On Tuesday, 4 July, another European strike broke out on Uber Technologies after the EU’s highest Court of Justice met with French authorities to bring the French laws into force.

The focus of the case, which began in 2016, is the kind of business overrun – a transport company or simply an app that connects passengers with drivers.

In 2014, France passed a law prohibiting the release of apps from the use of drivers who were not licensed as professionals and did not have insurance.

Ubersaid it has stopped its UberPop service, in 2015 and now only works with professional drivers. But in 2016, the French authorities brought criminal charges against the company to break the 2014 law.

However, in 2016, the French authorities brought criminal measures against the company for violating the 2014 law.

Uber tried to get rid of a technique that the EU countries had to report before they could change to the European Commission (the executive branch of the EU government) to regulate information society services.
The opinion of the Advocate General, which is not binding, is that France did not have to inform the Commission before the law was passed because the law did not fall into this category.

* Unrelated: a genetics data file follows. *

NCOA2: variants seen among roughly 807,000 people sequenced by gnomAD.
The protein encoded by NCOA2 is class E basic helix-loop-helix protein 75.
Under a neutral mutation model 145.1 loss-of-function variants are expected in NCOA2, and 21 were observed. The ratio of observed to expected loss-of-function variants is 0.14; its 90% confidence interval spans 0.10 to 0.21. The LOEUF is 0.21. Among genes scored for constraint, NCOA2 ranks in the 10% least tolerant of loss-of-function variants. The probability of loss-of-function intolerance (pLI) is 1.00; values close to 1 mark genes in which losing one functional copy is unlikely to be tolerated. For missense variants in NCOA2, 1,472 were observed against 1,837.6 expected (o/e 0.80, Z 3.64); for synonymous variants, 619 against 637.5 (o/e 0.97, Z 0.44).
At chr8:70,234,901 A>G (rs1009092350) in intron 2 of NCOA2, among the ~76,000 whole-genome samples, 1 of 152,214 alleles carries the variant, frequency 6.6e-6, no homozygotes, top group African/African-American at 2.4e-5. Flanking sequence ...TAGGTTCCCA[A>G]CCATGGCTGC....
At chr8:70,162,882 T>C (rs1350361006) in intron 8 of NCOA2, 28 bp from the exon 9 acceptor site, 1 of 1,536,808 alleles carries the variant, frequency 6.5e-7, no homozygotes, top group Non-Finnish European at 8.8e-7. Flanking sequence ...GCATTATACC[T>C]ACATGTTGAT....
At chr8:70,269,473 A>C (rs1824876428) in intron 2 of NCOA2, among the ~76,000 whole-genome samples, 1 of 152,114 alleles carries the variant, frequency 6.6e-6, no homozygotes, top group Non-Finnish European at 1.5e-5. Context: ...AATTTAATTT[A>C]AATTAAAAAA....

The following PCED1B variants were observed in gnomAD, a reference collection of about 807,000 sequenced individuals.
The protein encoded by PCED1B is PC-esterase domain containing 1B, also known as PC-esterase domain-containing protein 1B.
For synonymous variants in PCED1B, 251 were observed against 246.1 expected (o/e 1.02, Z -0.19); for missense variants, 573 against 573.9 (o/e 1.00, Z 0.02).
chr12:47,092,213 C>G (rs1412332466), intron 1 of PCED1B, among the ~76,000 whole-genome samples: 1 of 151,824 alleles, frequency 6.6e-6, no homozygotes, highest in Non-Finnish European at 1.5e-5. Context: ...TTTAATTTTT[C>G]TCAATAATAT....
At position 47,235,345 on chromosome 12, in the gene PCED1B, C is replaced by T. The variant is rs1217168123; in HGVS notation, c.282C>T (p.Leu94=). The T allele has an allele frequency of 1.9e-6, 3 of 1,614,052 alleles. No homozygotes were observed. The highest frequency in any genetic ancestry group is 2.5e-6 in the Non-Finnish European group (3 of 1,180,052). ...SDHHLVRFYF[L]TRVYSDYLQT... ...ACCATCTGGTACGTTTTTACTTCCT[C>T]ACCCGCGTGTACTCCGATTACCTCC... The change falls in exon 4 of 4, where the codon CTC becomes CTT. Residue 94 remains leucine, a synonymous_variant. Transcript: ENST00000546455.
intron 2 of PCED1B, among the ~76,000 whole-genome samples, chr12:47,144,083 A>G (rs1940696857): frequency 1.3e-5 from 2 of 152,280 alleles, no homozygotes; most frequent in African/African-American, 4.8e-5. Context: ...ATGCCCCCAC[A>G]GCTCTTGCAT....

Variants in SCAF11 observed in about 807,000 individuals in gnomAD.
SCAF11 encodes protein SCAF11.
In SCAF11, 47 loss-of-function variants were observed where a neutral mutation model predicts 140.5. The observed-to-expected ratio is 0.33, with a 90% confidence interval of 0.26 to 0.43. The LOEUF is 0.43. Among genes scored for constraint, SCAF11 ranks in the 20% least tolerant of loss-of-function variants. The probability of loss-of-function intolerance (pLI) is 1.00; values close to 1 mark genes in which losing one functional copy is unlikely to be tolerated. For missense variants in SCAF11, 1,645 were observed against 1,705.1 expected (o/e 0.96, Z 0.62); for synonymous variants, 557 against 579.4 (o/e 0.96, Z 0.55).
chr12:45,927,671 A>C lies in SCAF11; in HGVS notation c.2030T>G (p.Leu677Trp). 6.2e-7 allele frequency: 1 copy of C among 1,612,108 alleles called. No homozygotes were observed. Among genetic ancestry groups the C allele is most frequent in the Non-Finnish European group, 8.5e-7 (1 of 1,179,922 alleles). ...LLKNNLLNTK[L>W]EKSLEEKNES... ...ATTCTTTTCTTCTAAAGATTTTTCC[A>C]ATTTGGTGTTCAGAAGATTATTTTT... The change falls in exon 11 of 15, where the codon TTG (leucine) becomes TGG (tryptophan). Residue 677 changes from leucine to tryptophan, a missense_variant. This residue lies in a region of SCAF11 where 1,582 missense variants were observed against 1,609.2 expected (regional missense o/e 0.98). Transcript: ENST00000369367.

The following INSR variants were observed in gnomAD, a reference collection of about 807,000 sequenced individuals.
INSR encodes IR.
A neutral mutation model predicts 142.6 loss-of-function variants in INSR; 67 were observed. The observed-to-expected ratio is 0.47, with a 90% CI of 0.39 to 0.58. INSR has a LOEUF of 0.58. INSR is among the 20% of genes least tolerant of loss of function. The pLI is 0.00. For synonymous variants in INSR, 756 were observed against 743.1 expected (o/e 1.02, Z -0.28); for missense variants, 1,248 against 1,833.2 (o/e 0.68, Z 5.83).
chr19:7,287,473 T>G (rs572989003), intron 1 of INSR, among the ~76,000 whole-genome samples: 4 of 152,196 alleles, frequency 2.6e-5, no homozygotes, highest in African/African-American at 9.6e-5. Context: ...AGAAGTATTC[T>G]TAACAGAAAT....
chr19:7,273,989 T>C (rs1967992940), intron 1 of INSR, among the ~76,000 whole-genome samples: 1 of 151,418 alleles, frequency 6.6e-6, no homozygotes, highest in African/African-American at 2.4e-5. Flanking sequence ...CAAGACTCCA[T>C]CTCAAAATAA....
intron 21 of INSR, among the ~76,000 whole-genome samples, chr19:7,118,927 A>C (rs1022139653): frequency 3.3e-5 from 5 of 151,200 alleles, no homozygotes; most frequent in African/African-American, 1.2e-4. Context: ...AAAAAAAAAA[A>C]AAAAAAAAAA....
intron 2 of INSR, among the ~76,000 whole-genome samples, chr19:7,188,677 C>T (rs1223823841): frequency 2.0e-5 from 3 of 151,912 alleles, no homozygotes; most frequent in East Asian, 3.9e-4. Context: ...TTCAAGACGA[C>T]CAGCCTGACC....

In taking that decision, the Advocate General referred to another non-binding opinion which he issued in May to the European Court of Justice (ECJ), which defined Uber as a transport undertaking, not an application.

In a press release Advocate General, Maciej Szpunar said that “The Member States may prohibit and punish the illegal pursuit of a transport activity such as UberPop without informing the Commission of the draft law in advance.”

“The UberPop service falls within the sphere of transport and therefore does not constitute a service of the information society within the meaning of the directive,” Szpunar added.

While the final decision of the ECJ is due by the end of the year, the attorney’s opinion is often a good indication of how the judges of the court will rule.

“We have seen today’s statement and expect the final decision later this year,” said a spokeswoman in an e-mail to Reuters.

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